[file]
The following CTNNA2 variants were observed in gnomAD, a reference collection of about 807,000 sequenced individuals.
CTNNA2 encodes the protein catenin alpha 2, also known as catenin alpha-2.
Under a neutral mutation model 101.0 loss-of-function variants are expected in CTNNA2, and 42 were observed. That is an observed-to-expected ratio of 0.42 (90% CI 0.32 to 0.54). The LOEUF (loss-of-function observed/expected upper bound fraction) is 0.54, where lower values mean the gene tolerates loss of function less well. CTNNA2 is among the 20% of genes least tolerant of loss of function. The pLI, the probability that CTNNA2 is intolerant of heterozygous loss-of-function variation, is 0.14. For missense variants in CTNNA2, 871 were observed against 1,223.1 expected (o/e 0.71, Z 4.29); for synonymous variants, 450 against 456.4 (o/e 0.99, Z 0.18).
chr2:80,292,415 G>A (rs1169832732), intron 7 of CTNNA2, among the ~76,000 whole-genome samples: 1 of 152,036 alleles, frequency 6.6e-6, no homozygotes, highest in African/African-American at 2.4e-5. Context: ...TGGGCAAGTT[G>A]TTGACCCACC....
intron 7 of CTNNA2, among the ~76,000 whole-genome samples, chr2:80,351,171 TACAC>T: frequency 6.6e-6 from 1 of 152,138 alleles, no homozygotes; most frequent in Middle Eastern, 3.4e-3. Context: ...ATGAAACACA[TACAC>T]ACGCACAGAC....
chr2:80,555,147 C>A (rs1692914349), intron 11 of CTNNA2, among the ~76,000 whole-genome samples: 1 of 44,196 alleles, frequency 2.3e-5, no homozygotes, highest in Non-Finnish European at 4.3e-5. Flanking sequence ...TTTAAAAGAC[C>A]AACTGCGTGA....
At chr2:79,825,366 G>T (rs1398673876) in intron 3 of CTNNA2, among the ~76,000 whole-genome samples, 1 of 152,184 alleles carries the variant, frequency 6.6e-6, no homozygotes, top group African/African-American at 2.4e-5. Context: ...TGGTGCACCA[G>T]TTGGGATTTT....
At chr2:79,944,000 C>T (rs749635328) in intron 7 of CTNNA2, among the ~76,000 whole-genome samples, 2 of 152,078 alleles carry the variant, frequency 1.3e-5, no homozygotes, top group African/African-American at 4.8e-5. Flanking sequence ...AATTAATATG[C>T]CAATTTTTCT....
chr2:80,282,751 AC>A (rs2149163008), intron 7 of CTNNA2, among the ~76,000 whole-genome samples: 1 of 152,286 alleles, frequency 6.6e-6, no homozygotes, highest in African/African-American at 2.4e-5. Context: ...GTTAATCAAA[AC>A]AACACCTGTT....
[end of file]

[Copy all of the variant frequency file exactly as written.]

The following CTNNA2 variants were observed in gnomAD, a reference collection of about 807,000 sequenced individuals.
CTNNA2 encodes the protein catenin alpha 2, also known as catenin alpha-2.
Under a neutral mutation model 101.0 loss-of-function variants are expected in CTNNA2, and 42 were observed. That is an observed-to-expected ratio of 0.42 (90% CI 0.32 to 0.54). The LOEUF (loss-of-function observed/expected upper bound fraction) is 0.54, where lower values mean the gene tolerates loss of function less well. CTNNA2 is among the 20% of genes least tolerant of loss of function. The pLI, the probability that CTNNA2 is intolerant of heterozygous loss-of-function variation, is 0.14. For missense variants in CTNNA2, 871 were observed against 1,223.1 expected (o/e 0.71, Z 4.29); for synonymous variants, 450 against 456.4 (o/e 0.99, Z 0.18).
chr2:80,292,415 G>A (rs1169832732), intron 7 of CTNNA2, among the ~76,000 whole-genome samples: 1 of 152,036 alleles, frequency 6.6e-6, no homozygotes, highest in African/African-American at 2.4e-5. Context: ...TGGGCAAGTT[G>A]TTGACCCACC....
intron 7 of CTNNA2, among the ~76,000 whole-genome samples, chr2:80,351,171 TACAC>T: frequency 6.6e-6 from 1 of 152,138 alleles, no homozygotes; most frequent in Middle Eastern, 3.4e-3. Context: ...ATGAAACACA[TACAC>T]ACGCACAGAC....
chr2:80,555,147 C>A (rs1692914349), intron 11 of CTNNA2, among the ~76,000 whole-genome samples: 1 of 44,196 alleles, frequency 2.3e-5, no homozygotes, highest in Non-Finnish European at 4.3e-5. Flanking sequence ...TTTAAAAGAC[C>A]AACTGCGTGA....
At chr2:79,825,366 G>T (rs1398673876) in intron 3 of CTNNA2, among the ~76,000 whole-genome samples, 1 of 152,184 alleles carries the variant, frequency 6.6e-6, no homozygotes, top group African/African-American at 2.4e-5. Context: ...TGGTGCACCA[G>T]TTGGGATTTT....
At chr2:79,944,000 C>T (rs749635328) in intron 7 of CTNNA2, among the ~76,000 whole-genome samples, 2 of 152,078 alleles carry the variant, frequency 1.3e-5, no homozygotes, top group African/African-American at 4.8e-5. Flanking sequence ...AATTAATATG[C>T]CAATTTTTCT....
chr2:80,282,751 AC>A (rs2149163008), intron 7 of CTNNA2, among the ~76,000 whole-genome samples: 1 of 152,286 alleles, frequency 6.6e-6, no homozygotes, highest in African/African-American at 2.4e-5. Context: ...GTTAATCAAA[AC>A]AACACCTGTT....